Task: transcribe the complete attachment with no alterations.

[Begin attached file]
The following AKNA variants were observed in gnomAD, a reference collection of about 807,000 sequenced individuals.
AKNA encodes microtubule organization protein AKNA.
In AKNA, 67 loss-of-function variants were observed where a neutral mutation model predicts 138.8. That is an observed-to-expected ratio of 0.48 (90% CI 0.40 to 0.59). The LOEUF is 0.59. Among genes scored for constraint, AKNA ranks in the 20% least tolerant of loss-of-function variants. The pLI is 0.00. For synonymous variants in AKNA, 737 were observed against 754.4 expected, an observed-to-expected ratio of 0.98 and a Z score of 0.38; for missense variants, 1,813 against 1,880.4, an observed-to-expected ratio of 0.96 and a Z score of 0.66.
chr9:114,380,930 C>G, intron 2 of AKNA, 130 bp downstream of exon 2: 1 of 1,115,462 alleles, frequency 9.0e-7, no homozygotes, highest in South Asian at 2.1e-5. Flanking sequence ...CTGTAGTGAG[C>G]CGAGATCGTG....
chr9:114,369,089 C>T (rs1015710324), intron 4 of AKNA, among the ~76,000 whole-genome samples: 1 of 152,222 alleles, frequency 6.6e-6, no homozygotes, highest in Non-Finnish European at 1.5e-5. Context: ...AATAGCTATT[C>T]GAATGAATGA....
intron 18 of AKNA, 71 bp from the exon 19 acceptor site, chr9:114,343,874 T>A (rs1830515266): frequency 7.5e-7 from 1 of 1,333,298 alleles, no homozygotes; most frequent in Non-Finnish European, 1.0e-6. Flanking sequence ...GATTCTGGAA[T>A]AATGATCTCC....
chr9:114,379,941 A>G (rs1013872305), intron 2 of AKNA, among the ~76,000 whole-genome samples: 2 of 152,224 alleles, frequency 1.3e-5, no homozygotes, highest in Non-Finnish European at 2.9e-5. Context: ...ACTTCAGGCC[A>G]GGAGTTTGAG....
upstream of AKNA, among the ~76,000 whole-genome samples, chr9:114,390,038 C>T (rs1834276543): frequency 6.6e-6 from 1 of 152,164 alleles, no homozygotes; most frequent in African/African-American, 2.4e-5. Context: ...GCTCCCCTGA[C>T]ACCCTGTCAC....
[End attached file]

The following AKNA variants were observed in gnomAD, a reference collection of about 807,000 sequenced individuals.
AKNA encodes microtubule organization protein AKNA.
In AKNA, 67 loss-of-function variants were observed where a neutral mutation model predicts 138.8. That is an observed-to-expected ratio of 0.48 (90% CI 0.40 to 0.59). The LOEUF is 0.59. Among genes scored for constraint, AKNA ranks in the 20% least tolerant of loss-of-function variants. The pLI is 0.00. For synonymous variants in AKNA, 737 were observed against 754.4 expected, an observed-to-expected ratio of 0.98 and a Z score of 0.38; for missense variants, 1,813 against 1,880.4, an observed-to-expected ratio of 0.96 and a Z score of 0.66.
chr9:114,380,930 C>G, intron 2 of AKNA, 130 bp downstream of exon 2: 1 of 1,115,462 alleles, frequency 9.0e-7, no homozygotes, highest in South Asian at 2.1e-5. Flanking sequence ...CTGTAGTGAG[C>G]CGAGATCGTG....
chr9:114,369,089 C>T (rs1015710324), intron 4 of AKNA, among the ~76,000 whole-genome samples: 1 of 152,222 alleles, frequency 6.6e-6, no homozygotes, highest in Non-Finnish European at 1.5e-5. Context: ...AATAGCTATT[C>T]GAATGAATGA....
intron 18 of AKNA, 71 bp from the exon 19 acceptor site, chr9:114,343,874 T>A (rs1830515266): frequency 7.5e-7 from 1 of 1,333,298 alleles, no homozygotes; most frequent in Non-Finnish European, 1.0e-6. Flanking sequence ...GATTCTGGAA[T>A]AATGATCTCC....
chr9:114,379,941 A>G (rs1013872305), intron 2 of AKNA, among the ~76,000 whole-genome samples: 2 of 152,224 alleles, frequency 1.3e-5, no homozygotes, highest in Non-Finnish European at 2.9e-5. Context: ...ACTTCAGGCC[A>G]GGAGTTTGAG....
upstream of AKNA, among the ~76,000 whole-genome samples, chr9:114,390,038 C>T (rs1834276543): frequency 6.6e-6 from 1 of 152,164 alleles, no homozygotes; most frequent in African/African-American, 2.4e-5. Context: ...GCTCCCCTGA[C>T]ACCCTGTCAC....